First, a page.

Waffly Nov 6, 2004
In contrast to other reviewers, I found the language of this book very waffly -
* What could have been said in a few paragraphs seemed to be spread over pages and pages. * The writer often would fail to draw a conclusion about what he had just spent pages talking about. Leaving me wondering whether it was all worthwhile. * The use of the occasional rhetorical question, that left me completely confused as to what the supposedly obvious answer was. * The chapters in the book seemed to be arranged in an strange way, leading to lots of feelings that "I've read this before".
Having said that, my argument is not so much with the subject, but the way it is presented in this book.
I'm not a theologian, so the fault could be with me, but my recommendation would be to buy a book on covenant theology that is better written.
A Classic on Covenant Theology Mar 26, 2004
I'm giving this book 5 stars even though I do not agree with everything that Robertson puts forth here. This book has been on the market for nearly 25 years now, and it remains a standard resource addressing covenant theology that scholars across the theological spectrum still interact with today.
Robertson's book was, and is, a distinctive contribution to covenant theology. Unlike some of his contemporaries like the great John Murray, Robertson appears to argue for the conditionality (to varying degrees) of each Biblical covenant, rather than trying to determine which covenants were allegedly conditional versus unconditional. However, where certain contemporary covenant theologians stress covenants in the context of the Kingdom of God, Robertson stresses covenants in the context of human redemption. The reader should therefore understand that Robertson's version of covenant theology, while having many similarities with virtually all forms of conservative Reformed covenant theology, is not the only version that has been proposed and argued for.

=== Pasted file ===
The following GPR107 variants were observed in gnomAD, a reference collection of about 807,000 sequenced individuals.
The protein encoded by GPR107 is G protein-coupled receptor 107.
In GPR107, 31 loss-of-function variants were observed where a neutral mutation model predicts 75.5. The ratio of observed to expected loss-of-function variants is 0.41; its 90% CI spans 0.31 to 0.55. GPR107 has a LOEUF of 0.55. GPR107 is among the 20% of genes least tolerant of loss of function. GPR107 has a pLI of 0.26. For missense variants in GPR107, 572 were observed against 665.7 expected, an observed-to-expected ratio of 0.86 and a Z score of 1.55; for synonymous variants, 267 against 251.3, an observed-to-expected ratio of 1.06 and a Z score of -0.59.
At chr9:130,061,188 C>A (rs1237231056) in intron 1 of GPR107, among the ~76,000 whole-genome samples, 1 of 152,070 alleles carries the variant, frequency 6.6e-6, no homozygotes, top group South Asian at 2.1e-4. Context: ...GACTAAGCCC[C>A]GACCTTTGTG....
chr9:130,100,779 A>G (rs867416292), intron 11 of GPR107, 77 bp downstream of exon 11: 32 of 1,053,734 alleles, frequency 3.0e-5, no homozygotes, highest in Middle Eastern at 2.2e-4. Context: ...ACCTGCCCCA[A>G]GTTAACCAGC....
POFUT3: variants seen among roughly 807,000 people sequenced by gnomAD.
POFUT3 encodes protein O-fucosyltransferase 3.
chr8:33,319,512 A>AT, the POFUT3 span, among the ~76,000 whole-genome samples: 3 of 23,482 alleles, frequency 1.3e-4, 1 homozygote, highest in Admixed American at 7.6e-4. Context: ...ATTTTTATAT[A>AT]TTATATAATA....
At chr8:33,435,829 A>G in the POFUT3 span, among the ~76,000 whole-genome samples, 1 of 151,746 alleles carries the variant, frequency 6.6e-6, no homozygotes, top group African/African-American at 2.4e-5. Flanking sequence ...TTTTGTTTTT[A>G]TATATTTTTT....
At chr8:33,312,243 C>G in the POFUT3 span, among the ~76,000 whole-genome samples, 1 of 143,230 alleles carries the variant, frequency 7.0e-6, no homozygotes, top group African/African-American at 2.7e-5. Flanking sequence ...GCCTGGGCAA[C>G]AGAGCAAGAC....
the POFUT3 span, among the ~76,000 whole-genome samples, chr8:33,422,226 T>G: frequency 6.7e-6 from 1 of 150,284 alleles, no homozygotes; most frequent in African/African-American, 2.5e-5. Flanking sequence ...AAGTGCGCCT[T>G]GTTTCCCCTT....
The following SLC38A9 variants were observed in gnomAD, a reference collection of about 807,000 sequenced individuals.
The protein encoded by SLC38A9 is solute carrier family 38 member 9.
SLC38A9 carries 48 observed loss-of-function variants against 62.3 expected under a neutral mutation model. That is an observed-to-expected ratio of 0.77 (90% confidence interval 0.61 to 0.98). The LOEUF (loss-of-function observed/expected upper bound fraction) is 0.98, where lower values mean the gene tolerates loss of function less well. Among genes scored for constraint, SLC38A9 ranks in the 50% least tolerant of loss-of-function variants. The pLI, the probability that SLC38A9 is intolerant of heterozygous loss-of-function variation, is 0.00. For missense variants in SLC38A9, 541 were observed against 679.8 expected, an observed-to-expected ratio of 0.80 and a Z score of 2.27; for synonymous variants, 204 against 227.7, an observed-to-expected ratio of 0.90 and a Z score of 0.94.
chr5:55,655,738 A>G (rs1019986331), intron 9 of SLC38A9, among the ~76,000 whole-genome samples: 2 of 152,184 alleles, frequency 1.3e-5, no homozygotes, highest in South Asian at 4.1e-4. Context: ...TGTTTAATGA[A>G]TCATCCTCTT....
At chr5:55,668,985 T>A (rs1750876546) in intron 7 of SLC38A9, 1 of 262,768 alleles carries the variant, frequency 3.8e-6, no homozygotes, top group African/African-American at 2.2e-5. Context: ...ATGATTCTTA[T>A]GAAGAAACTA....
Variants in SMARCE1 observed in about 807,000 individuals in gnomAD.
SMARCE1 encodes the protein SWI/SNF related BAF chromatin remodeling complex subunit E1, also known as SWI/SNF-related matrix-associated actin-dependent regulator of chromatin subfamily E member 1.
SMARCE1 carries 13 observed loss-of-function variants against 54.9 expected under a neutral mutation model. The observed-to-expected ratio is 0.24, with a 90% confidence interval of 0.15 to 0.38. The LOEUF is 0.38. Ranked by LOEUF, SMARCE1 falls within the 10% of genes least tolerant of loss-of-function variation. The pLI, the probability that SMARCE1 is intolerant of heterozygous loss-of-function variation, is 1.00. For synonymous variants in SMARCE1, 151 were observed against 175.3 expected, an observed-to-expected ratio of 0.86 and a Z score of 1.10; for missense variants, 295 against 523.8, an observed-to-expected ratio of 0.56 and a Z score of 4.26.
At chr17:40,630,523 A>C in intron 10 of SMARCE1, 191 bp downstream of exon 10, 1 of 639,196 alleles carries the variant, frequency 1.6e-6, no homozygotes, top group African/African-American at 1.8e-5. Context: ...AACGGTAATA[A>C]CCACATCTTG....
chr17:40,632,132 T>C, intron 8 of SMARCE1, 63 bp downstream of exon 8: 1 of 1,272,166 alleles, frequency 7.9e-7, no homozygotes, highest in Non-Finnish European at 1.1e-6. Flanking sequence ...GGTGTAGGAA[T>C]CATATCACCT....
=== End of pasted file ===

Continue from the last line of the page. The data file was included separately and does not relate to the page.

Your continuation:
The book does show its age in spots. His chapter interacting with dispensationalism was spot on 25 years ago, but not now. The progressive dispensational movement of today does not look a whole lot like the dispensationalism that Robertson interacts with here. But more importantly for Reformed readers, Robertson's emphasis on covenants that are not explicitly mentioned in Scripture is a feature that is also on the wane in today's covenantal circles. Robertson forcefully argues for the 'covenant of works/covenant of grace with Adam' structure that is outstanding in my view, but is a feature of covenant theology that's becoming less and less stressed today. He properly stays away from presenting eternal divine decrees within the godhead as covenantal.
One of the central themes of this book is that covenants are far more unified than diverse, demonstrating continuity rather than discontinuity. In many ways, this has been the central issue of debate surrounding Biblical covenants. Robertson's emphatic stress on the unity of the covenants is still a staple of covenant theology, though greater discontinuity is being allowed in covenant circles today in ways that Robertson does not leave room for here. I happen to think that Robertson's presentation, while undoubtedly highly systemic and therefore susceptible to flattening the Bible and minimizing its diversity, is nonetheless very good and mostly correct. His contention that Jesus Christ is the comprehensive fulfillment of all Biblical covenants and that the New Covenant that He inaugurated is the final covenant is an essential aspect of covenant theology that puts each Biblical covenant into a distinctly Christological context.
In summary, any investigation of the merits of covenant theology must include a perusal of this book. Whatever disagreements I may have on the edges, I think Robertson has given us a lasting contribution in this area that has become the starting point for most formulations of covenant theology in the years following its publication. A crucial contribution worthy of purchase.